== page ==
The depths of 15 recorded domestic and stock wells in Cheyenne Bottoms range from 15 to 63 feet. Most of these wells have low yields because the alluvial materials that they tap are fine-grained and have low permeability. The water from the alluvium beneath Cheyenne Bottoms in many places is of poor quality. Four samples (17-12-31dc, 18-11-19bb, 18-13-15da, and 19-12-6bc) of water from wells in the alluvium of this area contained 449 to 2,728 parts per million of dissolved solids and had 310 to 904 parts of hardness. A few wells in the Bottoms, especially near the edge where the alluvium is thin, may obtain water from the underlying Dakota formation. A shallow well in alluvium (17-12-31dc), 27.5 feet deep, in the SW 1/4 SE 1/4 sec. 31, T. 17 S., R. 12 W., was replaced by a deeper well (17-12-31dc) in the Dakota formation because of the hardness of the shallow water. Water from the shallow well (17-12-31dC) contained 1,272 parts per million of dissolved solids and had a hardness of 795 parts. Water from the well in the Dakota (17-12-31dc), which is 60 feet deep, contained 972 parts per million of dissolved solids and had a hardness of 499 parts.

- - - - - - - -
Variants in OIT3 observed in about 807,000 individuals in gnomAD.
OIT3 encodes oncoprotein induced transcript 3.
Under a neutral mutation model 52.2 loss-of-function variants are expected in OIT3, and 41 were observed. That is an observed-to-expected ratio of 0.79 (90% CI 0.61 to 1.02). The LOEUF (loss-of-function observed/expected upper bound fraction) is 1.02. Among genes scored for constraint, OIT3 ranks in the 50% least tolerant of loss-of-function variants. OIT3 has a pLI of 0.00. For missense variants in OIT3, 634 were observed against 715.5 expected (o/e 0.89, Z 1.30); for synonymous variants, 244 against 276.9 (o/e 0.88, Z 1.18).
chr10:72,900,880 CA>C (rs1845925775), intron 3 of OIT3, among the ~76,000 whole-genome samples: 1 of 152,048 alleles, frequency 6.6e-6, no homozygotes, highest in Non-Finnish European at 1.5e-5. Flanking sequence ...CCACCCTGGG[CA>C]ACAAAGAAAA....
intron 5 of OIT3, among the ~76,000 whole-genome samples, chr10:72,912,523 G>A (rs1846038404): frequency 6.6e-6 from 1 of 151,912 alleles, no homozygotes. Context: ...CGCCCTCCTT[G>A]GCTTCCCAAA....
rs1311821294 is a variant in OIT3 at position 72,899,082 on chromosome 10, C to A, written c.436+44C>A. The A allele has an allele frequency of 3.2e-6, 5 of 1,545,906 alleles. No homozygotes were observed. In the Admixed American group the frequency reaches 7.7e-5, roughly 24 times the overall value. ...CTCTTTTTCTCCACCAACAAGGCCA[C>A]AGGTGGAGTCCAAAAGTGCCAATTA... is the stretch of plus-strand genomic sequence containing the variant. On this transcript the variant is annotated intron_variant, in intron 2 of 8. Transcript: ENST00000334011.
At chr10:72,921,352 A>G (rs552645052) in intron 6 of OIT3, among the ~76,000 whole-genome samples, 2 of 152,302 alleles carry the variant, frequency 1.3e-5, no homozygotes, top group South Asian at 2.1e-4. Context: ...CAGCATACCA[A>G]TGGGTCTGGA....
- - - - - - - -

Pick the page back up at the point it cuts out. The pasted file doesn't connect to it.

Small to moderate supplies of water are obtained from shallow wells tapping alluvium in Blood Creek Valley. Wells 17-14-33aa, 17-14-36cb, and 18-14-1da in Blood Creek Valley are 48, 16, and 52 feet deep, respectively, and the water levels in them in 1944 were 18, 5, and 7 feet below the surface.
Walnut Valley and Terrace area
The Walnut Valley area is divided into two areas--the one comprising the valley proper (6a, Fig. 18) and the other comprising the terrace that borders the north side of the valley (6b, Fig. 18). Physiographic descriptions of these two areas are given on pages 42-43.